Arizona Trail -
by Rod Timanus - Published WWG Vol 2 No 6 Nov 2008
Probably the two best
kept secrets in the Valley of the Sun, except to schoolchildren
who have visited on class fieldtrips over the years, are steeped
in so much tangible history that it is hard to imagine that they
remain virtually unknown to the general public.
Living History Village, open since 1969,
started out as the vision of several prominent politicians who
lamented the loss of Arizona’s territorial past to the sprawl of
urban development and population increase. Senators Carl Hayden
and Barry Goldwater, among others, helped spearhead a drive to
save many of the state’s older buildings from the wrecking ball
and relocate them to a safe site. On a state land lease property
donated by the Robert Lockett family in 1962, Pioneer Living
History Village was born in 1966 with the relocation and
reconstruction of two one-room log buildings dating back to
1875-80. The Schoolhouse and Teacherage which once stood in
Gordon Canyon, 30 miles east of Payson, became the centerpieces
of the Pioneer Village experience.
Over the years many more buildings were
added to the site, including a Ranch cabin (1870) from Gordon
Canyon, the Opera House (1876) from Prescott, the Ashurst Cabin
(1879) from Anderson Mesa near Flagstaff, the Northern Cabin
(1885) from Newman
Canyon also near Flagstaff, and the Flying V Cabin (1880) from
Pleasant Valley near Young. From Phoenix came the Holsum Bakery
building (1880), the Wheelwright Shop (1890), and the Victorian
House (1890). From Glendale came the Jack Farmhouse (1885), and
the Meritt House (1890).
recreated buildings were constructed, patterned after real
structures that no longer exist, to fill in time gaps and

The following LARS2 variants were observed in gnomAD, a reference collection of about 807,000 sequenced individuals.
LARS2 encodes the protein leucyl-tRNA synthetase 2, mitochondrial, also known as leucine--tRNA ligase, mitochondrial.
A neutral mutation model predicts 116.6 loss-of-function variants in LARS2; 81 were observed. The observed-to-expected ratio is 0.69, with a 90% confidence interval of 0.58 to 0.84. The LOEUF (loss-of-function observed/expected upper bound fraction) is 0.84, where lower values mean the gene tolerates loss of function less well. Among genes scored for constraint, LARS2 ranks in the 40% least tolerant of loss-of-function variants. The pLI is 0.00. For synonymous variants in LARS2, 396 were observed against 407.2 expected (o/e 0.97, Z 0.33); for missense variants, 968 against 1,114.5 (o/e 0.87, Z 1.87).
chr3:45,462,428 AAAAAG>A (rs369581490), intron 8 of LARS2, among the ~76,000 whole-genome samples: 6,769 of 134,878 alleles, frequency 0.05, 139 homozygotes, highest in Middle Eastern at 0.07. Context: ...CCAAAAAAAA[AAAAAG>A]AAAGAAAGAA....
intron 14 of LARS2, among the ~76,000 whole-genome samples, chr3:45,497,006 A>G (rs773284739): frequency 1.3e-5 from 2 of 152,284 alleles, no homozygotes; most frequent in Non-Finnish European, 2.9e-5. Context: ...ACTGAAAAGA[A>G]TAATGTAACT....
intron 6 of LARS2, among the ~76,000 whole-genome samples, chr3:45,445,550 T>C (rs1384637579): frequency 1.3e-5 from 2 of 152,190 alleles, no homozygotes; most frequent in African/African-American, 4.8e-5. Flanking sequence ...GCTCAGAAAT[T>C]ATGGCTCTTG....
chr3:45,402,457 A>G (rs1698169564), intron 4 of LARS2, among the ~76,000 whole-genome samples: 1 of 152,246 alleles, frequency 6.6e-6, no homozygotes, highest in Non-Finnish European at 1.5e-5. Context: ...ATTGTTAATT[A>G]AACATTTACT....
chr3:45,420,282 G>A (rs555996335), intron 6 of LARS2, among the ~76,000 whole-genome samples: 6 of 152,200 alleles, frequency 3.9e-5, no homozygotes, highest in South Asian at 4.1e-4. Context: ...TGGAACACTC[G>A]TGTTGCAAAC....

represent other aspects of frontier living. All together they
help create the experience of walking the unpaved streets of a
town that might have existed during the days of Arizona
Territory (1863-1912). To further enhance the feel of stepping
back in time, most of the buildings are outfitted with period
furniture and implements the early pioneers would have been
quite familiar with.
Interpreters in period
clothing can also be found in several buildings, ready to answer
any questions and share stories of Arizona history.
there are gun safety demonstrations for the schoolchildren, a
very important part of the experience, and tongue-in-cheek
cowboy action shootouts staged for the entertainment of the
audience of visitors, Pioneer Living History Village is still
the real deal. It is not a reconstructed or false-front town
where behind every door can be found a restaurant or gift shop
ready to relieve the visitor of his cash with an array of food,
drink, and baubles. It would be safe to say that there is more
collective and real Arizona history here than anywhere else in
For more information
Pioneer Living History Village
Photo credit Barbara Prichard aka Tumbleweed
Tillie Official Photographer of the Wild West Gazette & Pioneer
Living History Village.
Rod Timanus is an accomplished, published
western writer and member of Western Writers of America.